John Loyal Morrison, publisher of The Duluth Rip-saw from 1917 to 1926, was a conservative reformer with a highly sarcastic approach. The Duluth of the period was in the midst of both an iron-mining boom and Prohibition. Red-light districts and speakeasies were commonplace. In Duluth, as elsewhere, such businesses could only function only with the tacit approval of the authorities. In the pages of the Rip-saw, Morrison attacked drinking, gambling, brothels, the city’s moneyed “autocrats,” local and regional political machines, and what he called the “unholy and undesirable alliance” among politicians, law enforcement, and criminals.
One of the Rip-saw’s earliest targets was Duluth Police Chief Robert McKercher. The banner headline of the July 7, 1917, issue informed readers that “FRIENDS FEAR CHIEF M’KERCHER IS GOING BLIND.” In the article, Morrison wondered why McKercher had no trouble seeing such things as the ore docks and his own luxurious automobile (rumored to have been given to him by the owners of the ore docks), but never seemed to notice any of the illegal activities that flourished openly around him.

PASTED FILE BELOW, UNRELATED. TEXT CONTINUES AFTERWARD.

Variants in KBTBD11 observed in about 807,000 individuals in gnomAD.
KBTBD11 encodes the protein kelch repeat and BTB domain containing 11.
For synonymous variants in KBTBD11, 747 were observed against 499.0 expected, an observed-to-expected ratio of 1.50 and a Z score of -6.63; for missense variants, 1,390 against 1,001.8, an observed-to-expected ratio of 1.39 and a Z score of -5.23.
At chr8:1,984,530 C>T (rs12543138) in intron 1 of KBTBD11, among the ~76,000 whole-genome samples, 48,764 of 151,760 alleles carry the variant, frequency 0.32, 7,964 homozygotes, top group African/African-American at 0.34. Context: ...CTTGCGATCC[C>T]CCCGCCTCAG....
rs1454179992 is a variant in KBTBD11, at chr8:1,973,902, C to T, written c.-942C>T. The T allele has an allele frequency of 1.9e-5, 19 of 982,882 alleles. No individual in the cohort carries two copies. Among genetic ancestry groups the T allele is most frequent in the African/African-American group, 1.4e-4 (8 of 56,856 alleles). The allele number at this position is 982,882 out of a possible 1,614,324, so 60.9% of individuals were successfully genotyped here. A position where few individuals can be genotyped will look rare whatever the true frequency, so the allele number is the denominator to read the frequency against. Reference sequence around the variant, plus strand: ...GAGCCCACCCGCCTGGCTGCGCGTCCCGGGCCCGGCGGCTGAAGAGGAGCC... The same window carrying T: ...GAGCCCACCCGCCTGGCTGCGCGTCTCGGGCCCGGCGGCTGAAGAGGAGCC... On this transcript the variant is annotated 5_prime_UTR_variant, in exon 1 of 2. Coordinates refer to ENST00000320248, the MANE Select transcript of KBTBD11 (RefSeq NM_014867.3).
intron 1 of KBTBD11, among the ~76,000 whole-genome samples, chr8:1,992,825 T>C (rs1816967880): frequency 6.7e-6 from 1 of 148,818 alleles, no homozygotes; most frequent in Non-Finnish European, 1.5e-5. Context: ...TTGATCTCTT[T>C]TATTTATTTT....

There are redlight ladies galore on the boulevards. Some have complexions vivid enough to see a block away. Some of these dames should wear dimmers, their complexions are so dazzling. But the genial chief can see them not.
Other redlight ladies avoid the glare of day as much as possible but have elegant and popular gardens of delight where they hold court for entertainment of their male admirers, young and old, gay and sedate, rich and poor, with special emphasis on the rich. These trysting places are utterly beyond the vision of “Uncle Bob,” as they call him when conversing over the telephone. …
This looks very, very bad for “Uncle Bob’s” recovery of normal eyesight. His many admirers greatly fear that, before long, they will see the famous snowshoe catcher of hardened criminals seated in his big Marmon car, in front of the Wolvin building, holding a tin cup in his hand, with a placard on the car, bearing these words: PITY THE SORROWS OF A POOR BLIND MAN.